An ideal software engineer should be able to leverage the tools they have available to devise a solution to a particular problem. They should be able to do this in a clean and efficient manner which is easy to scale, maintain and understand.
I’m sure most people would agree with that quote, since most programs are built by teams, which by their nature are ever changing. When a new employee joins the team they should be able to use their existing skills and the documentation provided to get up to speed rapidly.
Building programs is much like cooking a meal in a restaurant, for example:
- Lack of documentation: If you make something taste exquisite but if you didn’t note down the ingredients and the methods you used to create the dish then it will be very hard for your team to recreate your dish.
- Bad presentation: This time you have remembered to note down your exquisite recipe from earlier but your presentation is very much lacking; now nobody will buy the dish!
- Too much seasoning: You forgot to taste-test your food as you went along and added way too much salt into your Lobster bisque.
- Wrong tools for the job: If you try to use a bread knife on a nice chateaubriand, it will do the job of cutting the meat but not as well as a sharp cleaver or chef’s knife.
- Complex menus: An unplanned party will be arriving in the evening and you don’t have enough prep time to create dishes from your menu.
This leads me on to three key skills that should be essential for aspiring software engineers, namely documentation, unit testing and being a polyglot. I will link these three skills to our mystery kitchen and show how we can become michelin star developers.
Now I know this is one of the ‘names that should not be named’ because most developers hate it with a passion. But they also hate when they need to use a program and there is no documentation available! If you take a look on GitHub at the most popular frameworks/packages/libraries in any language you will soon notice that they are incredibly well documented. This should start from day one of learning to become a programmer, not only for other people but for yourself. You will undoubtedly need to return to some of your past work to use it again or translate it. There are a few types of documentation, mainly external or internal code documentation. The simplest of which are files like README.md, README.rst, README.txt …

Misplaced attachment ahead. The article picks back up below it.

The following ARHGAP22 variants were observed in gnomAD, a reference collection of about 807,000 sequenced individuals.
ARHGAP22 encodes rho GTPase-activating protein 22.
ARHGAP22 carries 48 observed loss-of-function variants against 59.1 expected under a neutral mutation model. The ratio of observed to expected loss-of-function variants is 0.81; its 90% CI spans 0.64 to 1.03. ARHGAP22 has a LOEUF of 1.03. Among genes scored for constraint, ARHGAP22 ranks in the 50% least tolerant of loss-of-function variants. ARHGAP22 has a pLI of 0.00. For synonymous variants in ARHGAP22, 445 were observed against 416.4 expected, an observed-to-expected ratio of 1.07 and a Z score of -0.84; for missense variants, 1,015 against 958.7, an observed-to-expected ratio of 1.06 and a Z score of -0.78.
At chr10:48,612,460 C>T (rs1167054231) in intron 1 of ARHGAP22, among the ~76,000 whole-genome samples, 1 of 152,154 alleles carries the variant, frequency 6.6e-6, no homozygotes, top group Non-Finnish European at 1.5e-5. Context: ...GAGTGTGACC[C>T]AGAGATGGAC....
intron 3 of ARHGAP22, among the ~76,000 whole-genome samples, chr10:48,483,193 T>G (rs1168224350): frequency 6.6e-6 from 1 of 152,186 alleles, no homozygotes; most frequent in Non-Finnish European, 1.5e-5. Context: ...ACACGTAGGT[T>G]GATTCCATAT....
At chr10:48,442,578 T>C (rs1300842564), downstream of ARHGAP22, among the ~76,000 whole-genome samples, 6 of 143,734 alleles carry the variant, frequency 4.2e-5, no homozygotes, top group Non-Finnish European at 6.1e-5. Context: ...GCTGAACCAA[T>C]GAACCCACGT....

The smart among you will notice a trend here, if somebody needs to know something on how to use your product/service then this is the place to put it. The larger projects out there may also have a wikipages or even websites detailing how to use their products. The internal code documentation is simply comments throughout your code allowing developers to peek into your thoughts as you take them through your algorithms.
If we look back to our kitchen example mentioned earlier, then by implementing good documentation we can help our teammates understand what is going on in our recipe (code). We can also create stunning presentations on how amazing our dish (program) by putting photos (examples) and menus (API’s) on our website for the customers (developers) to use.